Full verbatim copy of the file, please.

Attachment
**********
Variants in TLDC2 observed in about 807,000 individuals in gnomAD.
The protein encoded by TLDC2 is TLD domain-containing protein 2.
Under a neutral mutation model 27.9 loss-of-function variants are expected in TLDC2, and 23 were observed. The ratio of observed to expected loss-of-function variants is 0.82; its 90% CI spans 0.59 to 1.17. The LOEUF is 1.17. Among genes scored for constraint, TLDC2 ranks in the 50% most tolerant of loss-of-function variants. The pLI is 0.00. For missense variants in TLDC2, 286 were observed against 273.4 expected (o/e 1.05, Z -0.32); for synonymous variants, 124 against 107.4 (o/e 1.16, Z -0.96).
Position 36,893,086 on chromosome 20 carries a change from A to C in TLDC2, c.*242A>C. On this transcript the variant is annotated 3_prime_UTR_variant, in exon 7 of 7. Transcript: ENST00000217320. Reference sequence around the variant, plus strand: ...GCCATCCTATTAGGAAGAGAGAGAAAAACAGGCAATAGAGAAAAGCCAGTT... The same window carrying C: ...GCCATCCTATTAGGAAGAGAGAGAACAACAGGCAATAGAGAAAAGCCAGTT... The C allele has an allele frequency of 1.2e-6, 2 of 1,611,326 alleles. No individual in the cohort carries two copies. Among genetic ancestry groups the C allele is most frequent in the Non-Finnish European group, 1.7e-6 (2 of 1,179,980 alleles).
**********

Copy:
Variants in TLDC2 observed in about 807,000 individuals in gnomAD.
The protein encoded by TLDC2 is TLD domain-containing protein 2.
Under a neutral mutation model 27.9 loss-of-function variants are expected in TLDC2, and 23 were observed. The ratio of observed to expected loss-of-function variants is 0.82; its 90% CI spans 0.59 to 1.17. The LOEUF is 1.17. Among genes scored for constraint, TLDC2 ranks in the 50% most tolerant of loss-of-function variants. The pLI is 0.00. For missense variants in TLDC2, 286 were observed against 273.4 expected (o/e 1.05, Z -0.32); for synonymous variants, 124 against 107.4 (o/e 1.16, Z -0.96).
Position 36,893,086 on chromosome 20 carries a change from A to C in TLDC2, c.*242A>C. On this transcript the variant is annotated 3_prime_UTR_variant, in exon 7 of 7. Transcript: ENST00000217320. Reference sequence around the variant, plus strand: ...GCCATCCTATTAGGAAGAGAGAGAAAAACAGGCAATAGAGAAAAGCCAGTT... The same window carrying C: ...GCCATCCTATTAGGAAGAGAGAGAACAACAGGCAATAGAGAAAAGCCAGTT... The C allele has an allele frequency of 1.2e-6, 2 of 1,611,326 alleles. No individual in the cohort carries two copies. Among genetic ancestry groups the C allele is most frequent in the Non-Finnish European group, 1.7e-6 (2 of 1,179,980 alleles).